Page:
Germ-buster for kids

BIO BOX: Dr Mas Suhaila Isa

AGE: 35

OCCUPATION: Consultant at the division of paediatric infectious diseases at National University Hospital (NUH)

Dr Mas has always loved babies and children, so being able to attend to them is what keeps her going at work.

Another reason for her choice of field is her 58-year-old mother, a retired nurse who spent close to 40 years caring for adults and children with cancer.

As a child, Dr Mas would wait at the hospital for her mother and saw first-hand how she tended to children with cancer.

When the time came for her to choose a medical speciality, she recognised a pressing need for doctors in Singapore who could take care of children stricken with complex conditions because of infections.

Her patients range from newborn babies to teenagers up to the age of 16. She is one of only two paediatric infectious disease specialists at NUH and is happy to treat children with cancer as well as those suffering from other ailments.

She finds germs "fascinating and powerful", but thinks the human body is even more amazing. "I love this aspect of my job: I have to consider the patient as a whole, as opposed to just one part of his body."

She is married to a 35-year-old mechanical engineer. They have two children aged six and two. She is expecting her third child in March.

I specialise in treating infectious diseases in children because...

I have always been intrigued by how germs find ways and means to evade our immune system, how antibiotics were developed, and how germs develop resistance against these antibiotics.

My team and I see patients from every sub-specialty so we have to know a little - or a lot - about everything in the world of paediatrics, not just one particular organ such as the brain or the heart.

Children's bodies are fascinating because...

Their bodies are growing and have unique medical needs, so they are not just mini adults.

They may not always answer medical questions, or be patient and cooperative, so paediatricians have to find ways to examine and treat them as they express their concerns differently from adults.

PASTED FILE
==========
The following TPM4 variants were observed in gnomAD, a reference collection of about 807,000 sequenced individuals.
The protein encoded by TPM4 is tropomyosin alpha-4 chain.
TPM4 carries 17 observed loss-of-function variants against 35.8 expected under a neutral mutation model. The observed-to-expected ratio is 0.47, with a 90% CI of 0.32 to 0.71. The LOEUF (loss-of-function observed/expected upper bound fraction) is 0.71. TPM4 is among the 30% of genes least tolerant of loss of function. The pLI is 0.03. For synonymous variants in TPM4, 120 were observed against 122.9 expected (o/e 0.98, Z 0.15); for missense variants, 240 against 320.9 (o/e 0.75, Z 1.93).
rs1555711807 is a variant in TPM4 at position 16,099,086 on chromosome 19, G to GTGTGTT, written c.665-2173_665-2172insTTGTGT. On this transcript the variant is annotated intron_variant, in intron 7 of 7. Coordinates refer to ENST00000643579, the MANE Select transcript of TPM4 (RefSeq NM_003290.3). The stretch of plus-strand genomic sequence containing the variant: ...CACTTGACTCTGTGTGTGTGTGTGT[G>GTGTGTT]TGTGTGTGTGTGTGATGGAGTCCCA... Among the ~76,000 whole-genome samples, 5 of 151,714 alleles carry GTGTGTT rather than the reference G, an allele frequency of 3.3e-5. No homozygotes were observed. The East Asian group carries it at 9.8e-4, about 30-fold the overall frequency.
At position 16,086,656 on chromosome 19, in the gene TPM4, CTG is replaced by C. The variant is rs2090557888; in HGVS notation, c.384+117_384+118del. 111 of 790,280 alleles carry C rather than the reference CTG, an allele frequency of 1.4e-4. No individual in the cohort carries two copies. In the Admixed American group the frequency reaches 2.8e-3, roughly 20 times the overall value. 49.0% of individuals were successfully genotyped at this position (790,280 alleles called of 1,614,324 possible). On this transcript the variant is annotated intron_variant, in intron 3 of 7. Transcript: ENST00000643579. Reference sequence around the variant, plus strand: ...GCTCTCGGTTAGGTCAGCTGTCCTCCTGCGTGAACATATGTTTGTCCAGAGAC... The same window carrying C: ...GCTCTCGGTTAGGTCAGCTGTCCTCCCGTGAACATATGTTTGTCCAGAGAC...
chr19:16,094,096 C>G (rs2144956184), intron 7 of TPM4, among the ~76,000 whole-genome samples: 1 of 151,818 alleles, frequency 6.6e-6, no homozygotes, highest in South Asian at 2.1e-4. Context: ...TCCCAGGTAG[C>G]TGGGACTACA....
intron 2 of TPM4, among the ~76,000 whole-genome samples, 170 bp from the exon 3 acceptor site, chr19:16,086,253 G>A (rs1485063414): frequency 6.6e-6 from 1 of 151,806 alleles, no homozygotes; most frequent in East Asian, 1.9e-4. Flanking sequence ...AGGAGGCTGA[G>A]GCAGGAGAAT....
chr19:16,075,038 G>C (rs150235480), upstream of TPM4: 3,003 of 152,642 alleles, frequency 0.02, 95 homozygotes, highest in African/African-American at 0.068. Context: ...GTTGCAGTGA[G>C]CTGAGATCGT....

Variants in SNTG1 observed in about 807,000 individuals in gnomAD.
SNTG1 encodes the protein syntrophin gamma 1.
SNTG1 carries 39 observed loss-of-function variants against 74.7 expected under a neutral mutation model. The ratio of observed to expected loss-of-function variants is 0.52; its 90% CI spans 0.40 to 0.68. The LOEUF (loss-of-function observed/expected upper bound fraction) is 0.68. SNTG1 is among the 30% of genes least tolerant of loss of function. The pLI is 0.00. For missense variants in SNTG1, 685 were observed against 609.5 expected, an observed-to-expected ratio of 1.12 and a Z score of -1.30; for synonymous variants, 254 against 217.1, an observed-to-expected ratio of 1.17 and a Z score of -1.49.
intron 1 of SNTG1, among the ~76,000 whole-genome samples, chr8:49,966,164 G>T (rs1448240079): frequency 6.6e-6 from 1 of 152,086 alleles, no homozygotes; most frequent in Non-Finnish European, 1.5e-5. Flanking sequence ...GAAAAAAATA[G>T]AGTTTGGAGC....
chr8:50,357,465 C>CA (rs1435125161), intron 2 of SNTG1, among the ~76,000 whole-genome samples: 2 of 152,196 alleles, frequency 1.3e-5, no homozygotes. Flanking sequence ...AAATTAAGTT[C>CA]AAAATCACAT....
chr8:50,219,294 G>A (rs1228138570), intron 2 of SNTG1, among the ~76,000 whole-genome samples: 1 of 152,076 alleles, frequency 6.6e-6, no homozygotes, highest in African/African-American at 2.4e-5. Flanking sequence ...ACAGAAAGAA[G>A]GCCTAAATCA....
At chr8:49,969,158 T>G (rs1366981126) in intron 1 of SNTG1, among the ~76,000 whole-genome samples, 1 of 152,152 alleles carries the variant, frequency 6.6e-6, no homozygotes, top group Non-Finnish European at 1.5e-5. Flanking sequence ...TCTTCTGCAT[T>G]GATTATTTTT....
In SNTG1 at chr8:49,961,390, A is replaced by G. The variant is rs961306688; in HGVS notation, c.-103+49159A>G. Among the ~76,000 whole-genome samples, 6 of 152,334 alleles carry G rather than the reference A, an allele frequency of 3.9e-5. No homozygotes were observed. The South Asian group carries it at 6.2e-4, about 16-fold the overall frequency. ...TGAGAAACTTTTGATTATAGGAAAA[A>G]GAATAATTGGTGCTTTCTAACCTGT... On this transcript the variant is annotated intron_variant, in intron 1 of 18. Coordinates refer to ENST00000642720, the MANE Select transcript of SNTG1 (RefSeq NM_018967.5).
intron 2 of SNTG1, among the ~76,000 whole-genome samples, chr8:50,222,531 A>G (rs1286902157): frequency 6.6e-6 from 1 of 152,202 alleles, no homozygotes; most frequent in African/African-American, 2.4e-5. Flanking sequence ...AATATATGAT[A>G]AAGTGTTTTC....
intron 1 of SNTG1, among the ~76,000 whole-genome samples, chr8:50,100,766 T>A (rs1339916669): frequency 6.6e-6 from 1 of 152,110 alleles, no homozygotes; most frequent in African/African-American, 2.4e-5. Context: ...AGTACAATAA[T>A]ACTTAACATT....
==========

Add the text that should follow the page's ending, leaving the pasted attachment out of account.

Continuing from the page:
Yet, children can be amazingly resilient. I have seen children who managed to bounce back from the brink of death.

One little-known fact about infectious diseases is...

Prevention is the key to fighting many infectious diseases.

This includes proper handwashing techniques; certain contact precautions, depending on the disease type; adhering to the nationally recommended immunisation schedule; taking medications as prescribed; and not taking antibiotics unnecessarily.

If I were to give an analogy for what I do, I would be...

Sherlock Holmes.

I gather clues from everything I see in the sick child - taking into account his medical history based on the symptoms experienced and examining his body - which I then use to identify the culprit germ and give the right treatment.

There is no typical day for me because...

It seems that each day is full of new and exciting things.

In addition to inpatient and outpatient clinical work, I also teach medical students, residents and fellows, and keep up-to-date with developments in my field. I also have administrative and research duties.

I end work between 6pm and 9pm, after which I go home to catch up with my family. I love to hear my children's laughter at the end of a busy workday.

I have come across...

Common conditions such as chest infections and skin infections, as well as exotic infections, often imported from overseas, for example, rare parasitic infections.

I look after children who have infective complications following a bone marrow transplant. Sometimes, I am referred children who have persistent fever despite the use of many types of antibiotics.

I love the challenge of solving a puzzle and seeing patients' conditions improve with the correct therapy. I am still learning each day from treating patients.

I love patients who are...

Positive in the face of their diseases, who continue to be motivated and diligently take their medication.

Things that put a smile on my face are...

Seeing a patient's fever disappear with the right diagnosis and treatment; when a child recognises me and calls me by name; getting a high-five from a patient in bed.

It breaks my heart when...

I see children become critically ill or die from vaccine-preventable diseases.

I am most frustrated when children are not immunised because their parents are misinformed.

One mother asked me if the pneumococcal vaccine protects against only a small number of strains. While that is true, the strains of pneumococcus covered by the vaccine cause 90 per cent of the invasive (serious) diseases, such as meningitis (brain infection), bloodstream infections and bad pneumonias.

Other parents omit or postpone vaccinations for their children for fear of possible side effects, which have no scientific basis.

We have begun to see resurgences of vaccine-preventable diseases such as measles and polio because of the decisions of misinformed parents.

My best tip...

Let your children eat well, sleep well and play a lot. It is also good to instil habits such as hand washing after playing and before eating, and covering their noses and mouths when coughing or sneezing.

I hope parents will acquire accurate and scientifically based information about vaccines so that they will not make decisions that could threaten their children's health.

joanchew@sph.com.sg


This article was first published on Jan 14, 2015.
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